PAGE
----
New Jersey First-Degree Murder Laws

When a person kills someone, regardless of intent or other details surrounding the incident, it is generally called a homicide.

In New Jersey, a murder (also called first-degree murder), is the most serious type of homicide because it is planned and done on purpose with some type evil intent, or done while committing certain types of felonies.

Specifically, murder is when a person knowingly and purposefully kills another person or causes substantial bodily harm that the person later dies due to the injuries that were inflicted.

Felony Murder

It is also considered murder when a person who is committing a different serious crime kills someone during the commission of that crime, or while fleeing from the scene. The murder isn’t necessarily planned out or intended, it’s just a consequence of the other offense. Even a death that is an accident will be considered felony murder if it happens while a felony is being committed.

If you commit murder in the perpetration or attempted perpetration any of the following you will face the same penalty as murder:

  • Kidnapping;
  • Sexual Assault;
  • Arson;
  • Robbery;
  • Burglary;
  • Carjacking;
  • Criminal Escape;
  • Terrorism;
  • Escape.

The following table highlights the main provisions of New Jersey's murder laws. See also Voluntary Manslaughter, Involuntary Manslaughter, First Degree Murder Defenses, and First Degree Murder Penalties and Sentencing.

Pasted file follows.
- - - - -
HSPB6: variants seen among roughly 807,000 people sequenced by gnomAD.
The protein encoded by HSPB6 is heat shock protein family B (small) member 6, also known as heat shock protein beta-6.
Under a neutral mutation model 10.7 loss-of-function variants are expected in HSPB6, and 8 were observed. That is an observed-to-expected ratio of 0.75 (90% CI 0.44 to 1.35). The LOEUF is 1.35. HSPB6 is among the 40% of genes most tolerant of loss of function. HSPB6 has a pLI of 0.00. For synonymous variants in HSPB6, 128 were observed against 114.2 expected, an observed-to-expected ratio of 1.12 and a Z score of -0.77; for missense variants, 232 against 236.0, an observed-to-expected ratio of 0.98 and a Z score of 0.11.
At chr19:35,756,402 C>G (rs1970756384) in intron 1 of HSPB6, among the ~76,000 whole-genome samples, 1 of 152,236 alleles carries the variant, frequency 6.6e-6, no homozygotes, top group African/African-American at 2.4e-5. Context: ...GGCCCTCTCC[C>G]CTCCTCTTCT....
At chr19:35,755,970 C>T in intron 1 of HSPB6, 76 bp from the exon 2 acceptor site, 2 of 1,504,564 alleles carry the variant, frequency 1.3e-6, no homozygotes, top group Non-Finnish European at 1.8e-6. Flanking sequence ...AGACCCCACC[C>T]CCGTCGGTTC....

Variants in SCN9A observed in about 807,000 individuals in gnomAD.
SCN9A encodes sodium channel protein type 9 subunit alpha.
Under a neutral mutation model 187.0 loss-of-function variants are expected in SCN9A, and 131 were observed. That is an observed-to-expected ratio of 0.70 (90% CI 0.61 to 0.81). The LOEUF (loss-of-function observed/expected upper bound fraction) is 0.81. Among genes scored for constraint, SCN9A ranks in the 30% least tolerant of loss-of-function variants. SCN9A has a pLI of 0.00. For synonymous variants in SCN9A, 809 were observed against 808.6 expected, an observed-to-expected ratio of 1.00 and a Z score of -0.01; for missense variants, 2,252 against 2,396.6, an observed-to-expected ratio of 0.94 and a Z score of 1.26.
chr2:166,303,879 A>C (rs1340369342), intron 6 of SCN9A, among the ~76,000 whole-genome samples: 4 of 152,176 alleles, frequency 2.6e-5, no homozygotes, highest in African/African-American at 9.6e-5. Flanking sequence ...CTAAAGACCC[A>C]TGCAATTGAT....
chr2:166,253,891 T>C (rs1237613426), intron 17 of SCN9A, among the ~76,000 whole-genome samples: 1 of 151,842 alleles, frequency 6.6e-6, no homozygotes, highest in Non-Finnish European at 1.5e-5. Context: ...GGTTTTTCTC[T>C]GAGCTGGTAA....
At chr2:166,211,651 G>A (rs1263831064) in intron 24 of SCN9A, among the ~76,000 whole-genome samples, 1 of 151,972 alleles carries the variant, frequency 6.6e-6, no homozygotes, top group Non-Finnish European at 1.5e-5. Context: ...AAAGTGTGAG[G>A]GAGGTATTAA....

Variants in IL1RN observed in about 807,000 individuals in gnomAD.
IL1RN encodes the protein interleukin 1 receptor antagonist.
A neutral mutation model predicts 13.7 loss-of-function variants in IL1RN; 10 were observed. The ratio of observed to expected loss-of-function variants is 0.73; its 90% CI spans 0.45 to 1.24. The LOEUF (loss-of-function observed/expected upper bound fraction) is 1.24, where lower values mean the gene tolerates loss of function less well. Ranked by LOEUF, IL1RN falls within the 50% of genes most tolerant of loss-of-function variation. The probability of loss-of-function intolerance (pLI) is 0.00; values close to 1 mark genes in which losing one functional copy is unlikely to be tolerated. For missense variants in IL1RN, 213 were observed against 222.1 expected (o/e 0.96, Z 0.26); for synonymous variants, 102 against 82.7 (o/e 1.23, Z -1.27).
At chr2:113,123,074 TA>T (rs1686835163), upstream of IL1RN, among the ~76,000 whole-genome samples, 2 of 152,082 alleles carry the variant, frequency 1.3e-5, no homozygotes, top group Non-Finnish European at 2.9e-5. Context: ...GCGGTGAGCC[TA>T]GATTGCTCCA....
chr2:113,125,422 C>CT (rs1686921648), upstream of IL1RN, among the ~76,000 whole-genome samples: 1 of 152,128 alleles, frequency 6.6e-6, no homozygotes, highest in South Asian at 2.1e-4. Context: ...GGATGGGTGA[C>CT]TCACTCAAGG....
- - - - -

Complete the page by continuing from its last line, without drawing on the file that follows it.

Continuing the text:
Code Sections N.J.S. 2C:11-3
A.K.A.

Murder in the first degree.

What is Prohibited?

A planned or intentional killing of another person, or serious bodily injury resulting in death or a killing while committing certain felonies (felony murder).

Felony Murder If the homicide (killing of a human) took place in conjunction with a felony crime, such as robbery, burglary, a sex crime, sodomy, arson, carjacking, etc., you can be charged with felony murder.
Penalty 30 years to life imprisonment or life imprisonment without possibility of parole in some circumstances such as killing a police officer while on duty, or the killing of someone under the age of 14-years-old.
Civil Case

Possible Wrongful Death lawsuit.

Note: State laws are subject to change at any time through the enactment of new statutes and other means. If you do find yourself facing an aggravated murder or felony murder charge, you may wish to contact a New Jersey criminal defense attorney for assistance.

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